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Will the BRICS Invade the United States?

Thu 28 Dec 2023 ▪ 13 min of reading ▪ by Satosh
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The United States finds itself at a strategic crossroads today. Facing the rise of China and the BRICS, the military potential of the United States is nevertheless declining. As military conflicts multiply across the globe, are we witnessing the end of the American military superpower and the death of liberal democracy?

US military power under threat

The United States Spread Democracy

Why did democracy move from a marginal form of government in 1944 to a system governing half the world by 2010?

Is it because democracy was more economically advantageous? Is it because people demanded more democracy as they became wealthier? Maybe.

But it might also be a fortunate outcome of American power. American war production crushed the fascist empires during World War II (including by saving the USSR), defended the “free world” during the Cold War and held “rogue states” in check thereafter.

Franklin D. Roosevelt was right: America was truly the arsenal of democracy.

The United States and Its Industrial Supremacy After 1945

The United States are by far the largest military producer, building twice as many large ships than all other combatants combined, and at least twice as many aircraft as any other combatant.

The powerful American automotive, aeronautical, and naval industries took a while to ramp up their war production, but when they did, nothing on the planet could match them.

This industrial dominance continued during the Cold War, bolstered by the arrival of Germany and Japan – two other major manufacturing nations – among the United States’ allies.

The Soviets could threaten the West with their nuclear arsenal, but when it came to war production, the free world could outpace the communist world.

China Can Produce Far More Weapons Than the United States

For the first time since the pre-war period, the situation has changed.

The rise of China as a manufacturing power matching the United States and all of Europe combined has always been a major challenge.

But the total decay of the United States’ defense industrial base since the early 2000s has made this challenge much less difficult to meet.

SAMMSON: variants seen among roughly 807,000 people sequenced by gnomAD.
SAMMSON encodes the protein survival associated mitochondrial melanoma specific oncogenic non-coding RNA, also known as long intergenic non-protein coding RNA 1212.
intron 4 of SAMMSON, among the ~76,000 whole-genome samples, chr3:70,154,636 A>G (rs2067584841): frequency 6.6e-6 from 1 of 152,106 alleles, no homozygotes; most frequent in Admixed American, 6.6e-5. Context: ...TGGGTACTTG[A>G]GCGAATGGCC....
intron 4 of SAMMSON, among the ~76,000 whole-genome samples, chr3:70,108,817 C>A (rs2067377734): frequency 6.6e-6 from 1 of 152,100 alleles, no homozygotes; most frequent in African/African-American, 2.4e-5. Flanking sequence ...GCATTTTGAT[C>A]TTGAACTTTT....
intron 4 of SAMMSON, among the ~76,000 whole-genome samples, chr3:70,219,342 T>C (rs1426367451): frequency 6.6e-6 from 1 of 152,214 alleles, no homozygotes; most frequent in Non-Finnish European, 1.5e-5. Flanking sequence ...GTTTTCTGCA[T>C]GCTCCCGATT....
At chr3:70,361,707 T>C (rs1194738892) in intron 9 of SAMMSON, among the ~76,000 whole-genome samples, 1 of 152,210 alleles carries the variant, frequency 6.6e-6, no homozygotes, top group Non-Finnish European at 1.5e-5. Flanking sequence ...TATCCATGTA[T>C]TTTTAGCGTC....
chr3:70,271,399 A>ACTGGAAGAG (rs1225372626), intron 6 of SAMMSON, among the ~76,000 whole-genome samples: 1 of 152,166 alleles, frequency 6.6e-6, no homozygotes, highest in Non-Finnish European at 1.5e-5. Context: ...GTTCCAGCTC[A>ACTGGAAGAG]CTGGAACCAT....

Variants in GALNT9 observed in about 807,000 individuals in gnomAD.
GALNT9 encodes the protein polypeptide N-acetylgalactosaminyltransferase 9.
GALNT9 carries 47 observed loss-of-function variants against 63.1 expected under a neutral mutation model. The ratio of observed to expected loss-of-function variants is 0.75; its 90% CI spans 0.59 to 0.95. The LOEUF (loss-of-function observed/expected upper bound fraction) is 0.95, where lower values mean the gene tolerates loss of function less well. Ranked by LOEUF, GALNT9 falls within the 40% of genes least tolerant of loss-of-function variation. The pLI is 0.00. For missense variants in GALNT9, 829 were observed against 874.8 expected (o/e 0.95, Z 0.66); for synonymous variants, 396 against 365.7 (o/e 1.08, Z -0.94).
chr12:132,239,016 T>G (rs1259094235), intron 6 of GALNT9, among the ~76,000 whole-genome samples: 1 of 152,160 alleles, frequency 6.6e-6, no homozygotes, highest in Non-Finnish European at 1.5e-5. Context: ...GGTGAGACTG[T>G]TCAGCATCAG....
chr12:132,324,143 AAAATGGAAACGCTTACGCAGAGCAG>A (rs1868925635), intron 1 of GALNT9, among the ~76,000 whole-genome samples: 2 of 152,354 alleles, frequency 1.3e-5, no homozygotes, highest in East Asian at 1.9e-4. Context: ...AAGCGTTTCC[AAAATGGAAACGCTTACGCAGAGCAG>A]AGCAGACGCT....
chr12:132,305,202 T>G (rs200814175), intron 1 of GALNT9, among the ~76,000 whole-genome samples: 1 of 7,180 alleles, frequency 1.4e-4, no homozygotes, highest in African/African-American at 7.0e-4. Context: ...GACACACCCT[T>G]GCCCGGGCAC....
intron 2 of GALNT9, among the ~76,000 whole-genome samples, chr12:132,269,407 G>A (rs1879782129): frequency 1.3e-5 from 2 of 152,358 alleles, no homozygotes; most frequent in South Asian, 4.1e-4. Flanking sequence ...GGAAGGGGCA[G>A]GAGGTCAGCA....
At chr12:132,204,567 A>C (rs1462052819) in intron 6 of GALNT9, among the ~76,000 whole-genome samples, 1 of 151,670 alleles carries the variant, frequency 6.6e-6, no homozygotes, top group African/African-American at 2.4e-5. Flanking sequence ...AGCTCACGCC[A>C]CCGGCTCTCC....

The potential for military production now firmly lies with autocratic powers.

If the United States can produce only 1/9th of the artillery shells that they could produce in 1995, and China can produce 200 times more ships than the United States, the arsenal of democracy that existed during World War II and the Cold War has vanished.

Many commentators are coming to realize the same thing.

Would the United States Lose the World War?

The United States is on the brink of a world war that they could lose. Serious conflicts require the attention of the United States in two of the three most strategically important regions of the world.

The United States has already fought wars on multiple fronts. But in past conflicts, they were always able to outproduce their adversaries. This is no longer the case today.

The Chinese navy is already larger than that of the United States in terms of the number of ships, and it grows every four years by the equivalent of the entire French navy (about 130 ships, according to the French navy’s chief of staff).

By comparison, the American navy plans an increase of 75 ships over the next decade.

Defending the United States’ allies will not be possible if the United States does not put its defense industrial base in order.

Since the start of the war between Russia and Ukraine, the total US defense production has increased by only 10%, even as this war demonstrates the huge consumption of military munitions in a major conflict.

The End of the American Military

The Pentagon recently published its annual report on the military developments of China, and its conclusions are clear: the American military is struggling to keep up.

While the Chinese navy is expected to increase its capabilities by nearly 20% within 5 years, the American naval construction plan anticipates it will continue to shrink.

The US fleet will shrink to 285 ships in 2025 and remain below its current size of 290 ships in 2030, because retirements continue to outpace the building of new ships.

The American submarine fleet is expected to have only 57 vessels in 2030.

Year after year, the American navy remains faced with increasingly uncertain budgets.

The Arsenal of Democracies Is in Mortal Danger

It is important to clarify that the expression “Arsenal of democracy” does not refer to the size of the existing American military forces, nor to military spending.

It refers to the potential for military production, that is, the amount of military equipment the US could produce in the event of a lengthy conventional war against a major power like China.

While people who bemoan the withering of the defense industrial base talk about reductions in military budgets, the deeper problem is the deindustrialization of the United States.

Over the last two decades, an increasingly smaller portion of the American economy has been devoted to the manufacturing of tangible goods, while the Chinese economy has remained more industrial than that of any major US ally.

The Deindustrialization of the United States

Manufacturing isn’t the only thing needed for a strong military: software, logistics, and other elements are also useful.

But the bulk of the economic output needed to conduct a war is composed of weapons and material supplies.

For years, American experts dismissed the importance of the manufacturing industry, arguing that service industries, such as healthcare and education, were more important sources for jobs.